iRel40: The European Initiative Determined to Improve Component Reliability
Europe-wide research initiative Intelligent Reliability 4.0 (iRel40), coordinated by Infineon, brings together 75 science, tech, and engineering partners from across 13 countries who are sharing resources to achieve this goal.
Reliability is an extremely important consideration for engineers who are tasked with selecting components in their designs. And as electronic design grows increasingly complex while becoming physically smaller, reliability will become a much bigger pain point.
Now, a group of over 70 science, tech, and engineering partners are coming together to improve component reliability and reduce failure rates across the value chain under the "Intelligent Reliability 4.0" (iRel40) initiative.
An Open Information Exchange
Coordinated by Infineon, this large-scale collaboration will see key players in the electronics industry improve component reliability by pooling resources in an open information exchange format.
In a press release, Infineon describes iRel’s approach to optimizing the reliability of microelectronic systems—from wafer to chip and beyond—as “holistic,” with the end goal of significantly improving product quality and lifetime and promoting the sustainable management of natural resources.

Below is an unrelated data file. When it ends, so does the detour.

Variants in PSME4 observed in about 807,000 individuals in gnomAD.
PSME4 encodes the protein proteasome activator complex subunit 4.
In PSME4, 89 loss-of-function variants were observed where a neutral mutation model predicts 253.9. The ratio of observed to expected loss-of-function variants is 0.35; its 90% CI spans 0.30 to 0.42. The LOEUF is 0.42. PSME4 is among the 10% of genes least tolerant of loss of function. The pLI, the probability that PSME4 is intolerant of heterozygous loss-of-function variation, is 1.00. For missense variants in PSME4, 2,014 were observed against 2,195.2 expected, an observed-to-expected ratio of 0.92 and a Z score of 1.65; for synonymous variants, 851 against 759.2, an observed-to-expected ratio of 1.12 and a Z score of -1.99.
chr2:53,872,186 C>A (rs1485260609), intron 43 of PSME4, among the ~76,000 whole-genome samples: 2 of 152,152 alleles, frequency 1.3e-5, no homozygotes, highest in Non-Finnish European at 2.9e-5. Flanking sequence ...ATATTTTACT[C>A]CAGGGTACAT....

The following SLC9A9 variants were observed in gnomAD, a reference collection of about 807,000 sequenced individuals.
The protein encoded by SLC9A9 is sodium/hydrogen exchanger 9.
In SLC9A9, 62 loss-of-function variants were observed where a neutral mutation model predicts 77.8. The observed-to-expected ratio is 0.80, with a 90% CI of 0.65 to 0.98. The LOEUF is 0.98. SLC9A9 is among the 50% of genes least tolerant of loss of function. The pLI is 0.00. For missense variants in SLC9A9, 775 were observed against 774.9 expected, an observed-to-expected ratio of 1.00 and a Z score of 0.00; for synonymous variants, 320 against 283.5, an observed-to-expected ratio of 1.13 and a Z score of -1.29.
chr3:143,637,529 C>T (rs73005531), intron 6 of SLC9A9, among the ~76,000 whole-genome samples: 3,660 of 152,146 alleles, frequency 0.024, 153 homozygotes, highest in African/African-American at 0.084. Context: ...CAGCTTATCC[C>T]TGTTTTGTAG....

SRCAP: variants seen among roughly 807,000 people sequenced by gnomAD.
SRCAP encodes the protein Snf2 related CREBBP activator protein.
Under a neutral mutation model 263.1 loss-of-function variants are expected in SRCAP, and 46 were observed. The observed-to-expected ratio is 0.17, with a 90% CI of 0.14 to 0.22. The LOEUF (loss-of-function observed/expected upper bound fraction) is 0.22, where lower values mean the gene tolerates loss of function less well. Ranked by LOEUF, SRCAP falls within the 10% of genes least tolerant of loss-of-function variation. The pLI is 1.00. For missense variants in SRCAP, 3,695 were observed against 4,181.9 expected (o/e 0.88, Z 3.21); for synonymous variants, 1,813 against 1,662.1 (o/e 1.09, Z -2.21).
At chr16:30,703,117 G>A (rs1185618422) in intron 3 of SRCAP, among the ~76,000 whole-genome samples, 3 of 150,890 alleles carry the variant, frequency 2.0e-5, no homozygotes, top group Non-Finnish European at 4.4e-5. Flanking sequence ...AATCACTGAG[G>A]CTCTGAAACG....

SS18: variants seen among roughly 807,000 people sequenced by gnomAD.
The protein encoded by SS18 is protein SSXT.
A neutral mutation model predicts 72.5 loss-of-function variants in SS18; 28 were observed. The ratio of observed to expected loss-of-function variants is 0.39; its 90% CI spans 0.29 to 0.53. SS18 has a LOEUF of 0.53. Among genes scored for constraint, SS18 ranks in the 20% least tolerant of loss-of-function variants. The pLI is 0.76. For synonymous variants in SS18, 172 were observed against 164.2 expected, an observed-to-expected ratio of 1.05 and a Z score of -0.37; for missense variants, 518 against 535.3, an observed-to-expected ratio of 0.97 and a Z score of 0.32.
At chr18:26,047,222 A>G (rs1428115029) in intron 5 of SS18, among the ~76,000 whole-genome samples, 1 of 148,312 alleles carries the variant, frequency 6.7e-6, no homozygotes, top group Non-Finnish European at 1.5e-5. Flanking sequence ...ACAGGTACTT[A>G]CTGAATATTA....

iRel40 aims to focus on reliability throughout the value chain. Image used courtesy of iRel40
“Enhancing electronics performance through miniaturization and integrating more and more functions is progressing steadily. Performance and complexity are increasing, as the costs per function go down,” says Dr. Reinhard Ploss, CEO of Infineon Technologies AG.
Ploss goes on to comment on how powerful electronics will be at the core of next-gen technologies like autonomous vehicles and renewable energies, but that their long-term success will be dependent on reliable functionality.
Mission-Critical Applications Require Reliability
What Infineon means by a “holistic” approach isn’t clear. The press release itself is scarce on details—as is the iRel website—simply stating that those involved are leaning on material research, failure analysis (referring to modeling and simulation), and AI to improve reliability, a goal which itself is ambiguous.
Processes and methods developed under iRel40 will be verified in sixteen use cases (e.g., energy, transport, industry) as well as eighteen factory pilots. Project leaders also assert that they will improve manufacturing procedures for microelectronics by using "optical methods" and sensors. This, iRel feels, will decrease failure rate during production and ultimately enhance the reliability of new products entering the market.
iRel40 includes eight working plans (WPs). Image used courtesy of iRel40
Reliability is a high-ticket item in applications like LiDAR systems for the automotive market. These are highly-sensitive systems, and GaN-based power transistors (where high reliability is crucial) are currently driving innovations in this field.
The initiative could also strengthen Europe as a business location, says the press release. Infineon reckons that it’ll lead to the creation of 25,000 skilled jobs through strong partnerships and investments. The EU is also funding iRel40 under the Electronic Components and Systems for European Leadership (ECSEL) program.